DF: I guess I know you best for your character, Jack Hammer. Tell us about this hero and his world.
Brandon Barrows: Jack Hammer is my detective comic series from Action Lab and it’s about a Boston-based P.I. (and former superhero) named Jack McGriskin, living in a world that’s identical to ours in almost every way, save for the existence of a small number of super-humans.
DF: Part superhero book and part back-alley noir, is it difficult to come up with stories which lend themselves to both for Hammer?
Brandon Barrows: It can be, yes. JH is three parts hardboiled detective fiction, two parts super-powers book. Potential readers should know up front that it’s not a superhero book, it’s a detective book first and foremost, and P.I. stories in a world where powers are a fact are what [artist] Ionic and I tell. That being said, some of the stories I’ve wanted to tell I’ve eventually decided against because they would have relied too heavily on one side or the other of the Jack Hammer coin, if you will. It’s important to me to strike a balance between the two types of fiction and if I feel a story idea doesn’t, or can’t be made to, represent the two in the mix I’m looking for, I’ll just bag it and move on to the next idea.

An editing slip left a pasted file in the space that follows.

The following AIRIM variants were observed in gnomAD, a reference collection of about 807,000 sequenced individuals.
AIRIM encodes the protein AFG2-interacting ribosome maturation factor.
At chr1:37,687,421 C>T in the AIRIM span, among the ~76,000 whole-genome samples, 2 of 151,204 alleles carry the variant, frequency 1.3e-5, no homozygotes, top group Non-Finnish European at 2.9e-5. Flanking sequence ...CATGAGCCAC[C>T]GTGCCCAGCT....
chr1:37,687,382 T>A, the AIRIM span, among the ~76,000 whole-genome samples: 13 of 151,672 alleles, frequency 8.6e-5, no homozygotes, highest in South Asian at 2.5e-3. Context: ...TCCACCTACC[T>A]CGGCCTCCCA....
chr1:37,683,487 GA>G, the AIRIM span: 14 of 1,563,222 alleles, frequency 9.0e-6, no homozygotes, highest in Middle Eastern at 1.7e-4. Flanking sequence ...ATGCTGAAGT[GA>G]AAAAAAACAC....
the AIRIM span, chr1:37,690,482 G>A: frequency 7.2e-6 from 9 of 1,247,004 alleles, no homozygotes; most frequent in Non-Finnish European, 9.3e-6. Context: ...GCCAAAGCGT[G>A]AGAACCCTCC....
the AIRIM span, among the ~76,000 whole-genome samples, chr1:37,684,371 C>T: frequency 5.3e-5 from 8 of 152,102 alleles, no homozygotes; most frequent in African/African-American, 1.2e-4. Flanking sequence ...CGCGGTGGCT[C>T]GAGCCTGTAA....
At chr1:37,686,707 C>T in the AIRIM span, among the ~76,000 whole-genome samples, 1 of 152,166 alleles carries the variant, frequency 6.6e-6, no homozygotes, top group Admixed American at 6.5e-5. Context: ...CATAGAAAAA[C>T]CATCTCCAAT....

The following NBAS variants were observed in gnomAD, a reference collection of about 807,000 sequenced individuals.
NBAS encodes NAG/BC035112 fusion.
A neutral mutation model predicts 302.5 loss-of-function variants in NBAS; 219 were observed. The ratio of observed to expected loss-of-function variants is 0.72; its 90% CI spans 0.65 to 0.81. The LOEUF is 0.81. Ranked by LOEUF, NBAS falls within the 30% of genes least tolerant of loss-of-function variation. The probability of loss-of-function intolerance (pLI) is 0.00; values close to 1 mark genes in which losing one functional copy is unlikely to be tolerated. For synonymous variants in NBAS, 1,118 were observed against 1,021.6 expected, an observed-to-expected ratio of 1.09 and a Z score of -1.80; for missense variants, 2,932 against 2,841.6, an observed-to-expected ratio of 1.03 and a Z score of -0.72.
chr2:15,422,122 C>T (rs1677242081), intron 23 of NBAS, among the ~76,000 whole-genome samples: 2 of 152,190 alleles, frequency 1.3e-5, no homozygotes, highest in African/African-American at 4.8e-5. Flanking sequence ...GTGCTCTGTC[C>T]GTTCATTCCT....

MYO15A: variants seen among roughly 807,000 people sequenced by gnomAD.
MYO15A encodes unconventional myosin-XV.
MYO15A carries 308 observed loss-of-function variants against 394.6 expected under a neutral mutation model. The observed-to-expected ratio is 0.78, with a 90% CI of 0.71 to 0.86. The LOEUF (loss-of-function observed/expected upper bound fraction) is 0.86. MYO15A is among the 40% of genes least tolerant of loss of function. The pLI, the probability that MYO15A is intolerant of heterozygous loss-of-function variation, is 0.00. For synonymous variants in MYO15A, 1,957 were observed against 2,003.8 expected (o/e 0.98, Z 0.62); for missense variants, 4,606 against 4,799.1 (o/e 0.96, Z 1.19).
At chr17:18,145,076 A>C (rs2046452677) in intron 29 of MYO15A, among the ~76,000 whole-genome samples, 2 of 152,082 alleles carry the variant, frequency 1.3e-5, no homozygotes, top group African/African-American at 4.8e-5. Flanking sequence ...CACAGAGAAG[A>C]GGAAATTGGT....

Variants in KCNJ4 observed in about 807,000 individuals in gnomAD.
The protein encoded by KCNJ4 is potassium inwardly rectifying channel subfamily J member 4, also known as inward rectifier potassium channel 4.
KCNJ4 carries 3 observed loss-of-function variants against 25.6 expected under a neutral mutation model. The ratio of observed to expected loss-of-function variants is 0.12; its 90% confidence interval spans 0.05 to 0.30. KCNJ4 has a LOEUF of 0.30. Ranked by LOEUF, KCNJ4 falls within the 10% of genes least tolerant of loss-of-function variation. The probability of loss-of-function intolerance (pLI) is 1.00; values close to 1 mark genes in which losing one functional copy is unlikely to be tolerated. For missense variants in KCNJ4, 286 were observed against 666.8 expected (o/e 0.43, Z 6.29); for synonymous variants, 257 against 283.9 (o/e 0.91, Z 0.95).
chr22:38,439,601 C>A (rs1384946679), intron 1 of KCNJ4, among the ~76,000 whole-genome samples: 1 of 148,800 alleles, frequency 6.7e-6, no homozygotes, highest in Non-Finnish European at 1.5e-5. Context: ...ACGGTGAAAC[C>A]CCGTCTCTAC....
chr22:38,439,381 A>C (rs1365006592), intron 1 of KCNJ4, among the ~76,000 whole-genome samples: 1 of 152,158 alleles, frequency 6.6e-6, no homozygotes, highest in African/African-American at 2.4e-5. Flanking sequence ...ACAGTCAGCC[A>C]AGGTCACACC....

DF: As good as you do super-gumshoe yarns, you are also good at SF. Tell us about Voyaga, which is kind of a homage of sorts to ‘50s-style science fiction.
Brandon Barrows: You hit it on the head; Voyaga is my love letter to 1950s sci-fi. It’s about an astronaut sometime in the near-future who is supposed to be the first person to leave our solar system and through a series of events beyond his control, he winds up a thousand years in the future … still on Earth, and it’s not any sort of Earth he could have imagined. The tagline for the book is “an alien on the world of his birth”, if that tells folks anything.